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|• Total||19.93 km2 (7.70 sq mi)|
|• Density||35/km2 (90/sq mi)|
|Time zone||CET (UTC+1)|
|• Summer (DST)||CEST (UTC+2)|
The name of the village is originated by scholars from the time of the Hungarian conquest of the Carpathian Basin. Right before the home-taking conquest, three Kabar tribes joined the Hungarians, one of the names of those tribes was Harsány.
Körösnagyharsány was first mentioned at the beginning of the 14th century in book Váradi Regestrum, in which one of the inhabitants of the village was summoned to an ordeal.
In 1241/1242, during the Mongol invasion of Europe the village was destroyed, but soon rebuilt by its former inhabitants.
In 1660, during the Turkish conquest of Hungary, the village was completely destroyed again by Habsburgs and Ottomans. After the destruction, the village was rebuilt on the left bank of the river Sebes-Körös, since when the city lies at its present place.
The settlement was mentioned later as Nagy- és Kisharsány (Large and Small Harsány) as a land of Capital Catherdal of Nagyvárad (present Oradea, Romania), that was still possessed it at the first half of the 19th century. Later, at the beginning of the 20th century Mrs. Gustav Elek had bigger properties worth mentioning.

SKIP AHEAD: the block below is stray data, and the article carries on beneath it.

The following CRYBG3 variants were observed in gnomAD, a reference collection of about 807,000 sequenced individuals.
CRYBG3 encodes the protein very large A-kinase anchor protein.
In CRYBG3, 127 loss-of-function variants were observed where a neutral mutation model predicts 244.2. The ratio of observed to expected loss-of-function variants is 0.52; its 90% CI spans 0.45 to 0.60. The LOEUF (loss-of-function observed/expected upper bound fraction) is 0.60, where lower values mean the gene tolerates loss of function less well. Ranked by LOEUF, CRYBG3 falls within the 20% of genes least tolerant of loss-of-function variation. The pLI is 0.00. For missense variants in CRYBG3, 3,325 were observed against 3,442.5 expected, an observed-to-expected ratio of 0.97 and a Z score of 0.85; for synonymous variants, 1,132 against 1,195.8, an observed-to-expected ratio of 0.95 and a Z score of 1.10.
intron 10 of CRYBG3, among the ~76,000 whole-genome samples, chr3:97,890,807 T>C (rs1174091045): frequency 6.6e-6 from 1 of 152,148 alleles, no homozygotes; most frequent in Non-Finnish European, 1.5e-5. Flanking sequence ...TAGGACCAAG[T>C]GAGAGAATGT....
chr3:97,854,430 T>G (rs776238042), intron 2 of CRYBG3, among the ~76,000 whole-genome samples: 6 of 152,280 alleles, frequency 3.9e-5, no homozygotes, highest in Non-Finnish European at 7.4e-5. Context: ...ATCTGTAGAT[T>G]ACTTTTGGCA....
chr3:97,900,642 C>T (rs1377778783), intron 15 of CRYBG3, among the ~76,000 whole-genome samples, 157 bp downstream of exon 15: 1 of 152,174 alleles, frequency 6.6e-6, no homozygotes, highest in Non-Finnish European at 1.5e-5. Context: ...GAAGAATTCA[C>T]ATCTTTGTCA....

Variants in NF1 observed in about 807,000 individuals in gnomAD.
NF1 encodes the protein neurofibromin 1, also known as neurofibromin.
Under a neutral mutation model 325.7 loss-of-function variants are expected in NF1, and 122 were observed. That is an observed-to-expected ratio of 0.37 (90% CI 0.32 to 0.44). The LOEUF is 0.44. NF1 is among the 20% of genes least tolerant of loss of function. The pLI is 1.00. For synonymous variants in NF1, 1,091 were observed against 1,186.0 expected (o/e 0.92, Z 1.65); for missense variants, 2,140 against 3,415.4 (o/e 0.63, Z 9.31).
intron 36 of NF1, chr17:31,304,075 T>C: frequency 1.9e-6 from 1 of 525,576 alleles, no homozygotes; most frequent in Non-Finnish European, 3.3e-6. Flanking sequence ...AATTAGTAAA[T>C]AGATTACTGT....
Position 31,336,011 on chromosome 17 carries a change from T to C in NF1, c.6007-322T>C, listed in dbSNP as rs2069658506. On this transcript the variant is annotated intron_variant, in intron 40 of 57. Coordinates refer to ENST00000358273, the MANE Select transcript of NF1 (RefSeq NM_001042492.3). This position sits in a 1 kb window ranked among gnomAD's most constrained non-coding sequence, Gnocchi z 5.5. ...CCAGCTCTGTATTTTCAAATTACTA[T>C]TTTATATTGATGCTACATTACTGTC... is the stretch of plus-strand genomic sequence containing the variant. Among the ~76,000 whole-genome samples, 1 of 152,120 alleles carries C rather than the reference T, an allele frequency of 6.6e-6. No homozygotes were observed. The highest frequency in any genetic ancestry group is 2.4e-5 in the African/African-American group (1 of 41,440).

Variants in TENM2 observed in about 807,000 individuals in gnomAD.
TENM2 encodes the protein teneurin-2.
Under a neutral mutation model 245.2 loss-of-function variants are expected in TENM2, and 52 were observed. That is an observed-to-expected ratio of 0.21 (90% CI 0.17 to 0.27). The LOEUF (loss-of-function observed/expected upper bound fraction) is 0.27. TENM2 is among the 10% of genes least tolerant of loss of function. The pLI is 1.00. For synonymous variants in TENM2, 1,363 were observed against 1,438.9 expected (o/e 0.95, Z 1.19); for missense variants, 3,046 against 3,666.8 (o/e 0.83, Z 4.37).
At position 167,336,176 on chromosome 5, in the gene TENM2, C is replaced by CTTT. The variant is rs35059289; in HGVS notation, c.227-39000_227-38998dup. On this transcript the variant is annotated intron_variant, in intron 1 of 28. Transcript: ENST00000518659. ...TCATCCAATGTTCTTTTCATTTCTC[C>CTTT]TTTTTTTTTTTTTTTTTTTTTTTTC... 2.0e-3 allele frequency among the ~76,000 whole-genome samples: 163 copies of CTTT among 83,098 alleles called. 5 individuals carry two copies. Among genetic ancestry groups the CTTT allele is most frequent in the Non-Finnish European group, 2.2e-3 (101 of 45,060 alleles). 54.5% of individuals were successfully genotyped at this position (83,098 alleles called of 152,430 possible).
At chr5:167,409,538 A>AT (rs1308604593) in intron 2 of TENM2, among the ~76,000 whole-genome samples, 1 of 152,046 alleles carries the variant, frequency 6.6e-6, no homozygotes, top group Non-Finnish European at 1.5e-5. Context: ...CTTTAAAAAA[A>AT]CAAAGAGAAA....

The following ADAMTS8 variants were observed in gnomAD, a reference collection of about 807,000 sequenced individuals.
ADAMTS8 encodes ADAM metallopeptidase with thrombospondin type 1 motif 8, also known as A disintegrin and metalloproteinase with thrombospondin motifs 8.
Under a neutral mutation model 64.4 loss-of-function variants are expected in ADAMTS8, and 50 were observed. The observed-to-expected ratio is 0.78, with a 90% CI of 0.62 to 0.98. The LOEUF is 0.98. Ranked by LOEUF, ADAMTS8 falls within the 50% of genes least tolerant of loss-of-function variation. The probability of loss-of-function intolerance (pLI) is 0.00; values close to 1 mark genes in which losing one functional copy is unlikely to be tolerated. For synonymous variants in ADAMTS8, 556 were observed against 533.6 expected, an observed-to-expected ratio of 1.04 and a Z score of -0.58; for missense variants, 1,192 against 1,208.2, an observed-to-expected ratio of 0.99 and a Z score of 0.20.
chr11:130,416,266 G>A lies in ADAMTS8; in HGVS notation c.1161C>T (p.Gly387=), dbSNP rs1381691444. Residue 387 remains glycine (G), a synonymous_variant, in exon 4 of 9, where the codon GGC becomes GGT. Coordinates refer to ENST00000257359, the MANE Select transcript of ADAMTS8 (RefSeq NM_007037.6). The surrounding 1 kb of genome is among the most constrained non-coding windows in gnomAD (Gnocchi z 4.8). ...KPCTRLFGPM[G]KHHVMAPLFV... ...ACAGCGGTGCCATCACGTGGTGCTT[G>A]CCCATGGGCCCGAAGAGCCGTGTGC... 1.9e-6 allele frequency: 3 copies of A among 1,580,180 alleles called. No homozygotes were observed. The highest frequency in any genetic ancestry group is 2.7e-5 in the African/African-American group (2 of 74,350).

After the Treaty of Trianon in 1920, Körösnagyharsány – which originally belonged to the sphere of influence of Nagyvárad – became a border settlement. After being cut from Nagyvárad, losing its trade and human connections with its vital city, started a process of depopulation.
The history of Jewry and their graveyard in Körösnagyharsány
For about one and a half centuries (1780s-1944), a small religious Jewish community, consisting mainly of small shopkeepers, innkeepers and tenant-farmers, lived in the settlement. In 1870 47 Jews lived here. They built houses, established a graveyard and became an integral part of the society and life of the village. After the Treaty of Trianon the Jewish community slowly started to diminish, and then their fate was sealed by the Holocaust.
Four person were deported from the village: Móric Grósz (1887–1944), Jolán Grósz (1899–1944), Olga Grünhut (1905-1944/45) and Gyöngyi Grünhut (1925-1944/45). They died in concentration camps. During the time of deportation, though, members of several Jewish families from the countryside were hidden in the village.
- Homepage of Körösnagyharsány
- Körösnagyharsány on the site of a falvak.hu
- Book about the Jewish Community of Körösnagyharsány